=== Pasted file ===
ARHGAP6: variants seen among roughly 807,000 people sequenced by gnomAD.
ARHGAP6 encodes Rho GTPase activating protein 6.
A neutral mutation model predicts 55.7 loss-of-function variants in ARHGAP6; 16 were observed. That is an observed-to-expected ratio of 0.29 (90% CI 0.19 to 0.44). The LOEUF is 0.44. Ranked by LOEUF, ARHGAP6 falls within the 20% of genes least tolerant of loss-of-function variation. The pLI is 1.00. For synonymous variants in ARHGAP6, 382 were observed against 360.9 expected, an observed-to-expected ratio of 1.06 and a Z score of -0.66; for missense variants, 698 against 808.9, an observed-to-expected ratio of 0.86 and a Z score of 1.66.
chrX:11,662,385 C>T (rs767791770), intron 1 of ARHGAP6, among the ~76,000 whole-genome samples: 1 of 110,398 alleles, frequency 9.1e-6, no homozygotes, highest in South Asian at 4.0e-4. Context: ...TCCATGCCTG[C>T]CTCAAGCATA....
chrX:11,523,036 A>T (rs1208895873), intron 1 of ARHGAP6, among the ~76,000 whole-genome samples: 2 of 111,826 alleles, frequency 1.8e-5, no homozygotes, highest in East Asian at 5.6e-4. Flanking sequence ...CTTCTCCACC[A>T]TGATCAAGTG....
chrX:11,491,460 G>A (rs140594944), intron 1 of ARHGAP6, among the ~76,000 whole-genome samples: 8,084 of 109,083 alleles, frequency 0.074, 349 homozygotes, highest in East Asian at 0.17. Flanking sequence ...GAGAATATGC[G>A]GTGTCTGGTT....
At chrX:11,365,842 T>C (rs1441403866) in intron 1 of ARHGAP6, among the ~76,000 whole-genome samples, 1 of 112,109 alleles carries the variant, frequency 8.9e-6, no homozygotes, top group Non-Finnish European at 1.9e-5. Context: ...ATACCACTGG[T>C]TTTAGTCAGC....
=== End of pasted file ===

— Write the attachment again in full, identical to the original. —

ARHGAP6: variants seen among roughly 807,000 people sequenced by gnomAD.
ARHGAP6 encodes Rho GTPase activating protein 6.
A neutral mutation model predicts 55.7 loss-of-function variants in ARHGAP6; 16 were observed. That is an observed-to-expected ratio of 0.29 (90% CI 0.19 to 0.44). The LOEUF is 0.44. Ranked by LOEUF, ARHGAP6 falls within the 20% of genes least tolerant of loss-of-function variation. The pLI is 1.00. For synonymous variants in ARHGAP6, 382 were observed against 360.9 expected, an observed-to-expected ratio of 1.06 and a Z score of -0.66; for missense variants, 698 against 808.9, an observed-to-expected ratio of 0.86 and a Z score of 1.66.
chrX:11,662,385 C>T (rs767791770), intron 1 of ARHGAP6, among the ~76,000 whole-genome samples: 1 of 110,398 alleles, frequency 9.1e-6, no homozygotes, highest in South Asian at 4.0e-4. Context: ...TCCATGCCTG[C>T]CTCAAGCATA....
chrX:11,523,036 A>T (rs1208895873), intron 1 of ARHGAP6, among the ~76,000 whole-genome samples: 2 of 111,826 alleles, frequency 1.8e-5, no homozygotes, highest in East Asian at 5.6e-4. Flanking sequence ...CTTCTCCACC[A>T]TGATCAAGTG....
chrX:11,491,460 G>A (rs140594944), intron 1 of ARHGAP6, among the ~76,000 whole-genome samples: 8,084 of 109,083 alleles, frequency 0.074, 349 homozygotes, highest in East Asian at 0.17. Flanking sequence ...GAGAATATGC[G>A]GTGTCTGGTT....
At chrX:11,365,842 T>C (rs1441403866) in intron 1 of ARHGAP6, among the ~76,000 whole-genome samples, 1 of 112,109 alleles carries the variant, frequency 8.9e-6, no homozygotes, top group Non-Finnish European at 1.9e-5. Context: ...ATACCACTGG[T>C]TTTAGTCAGC....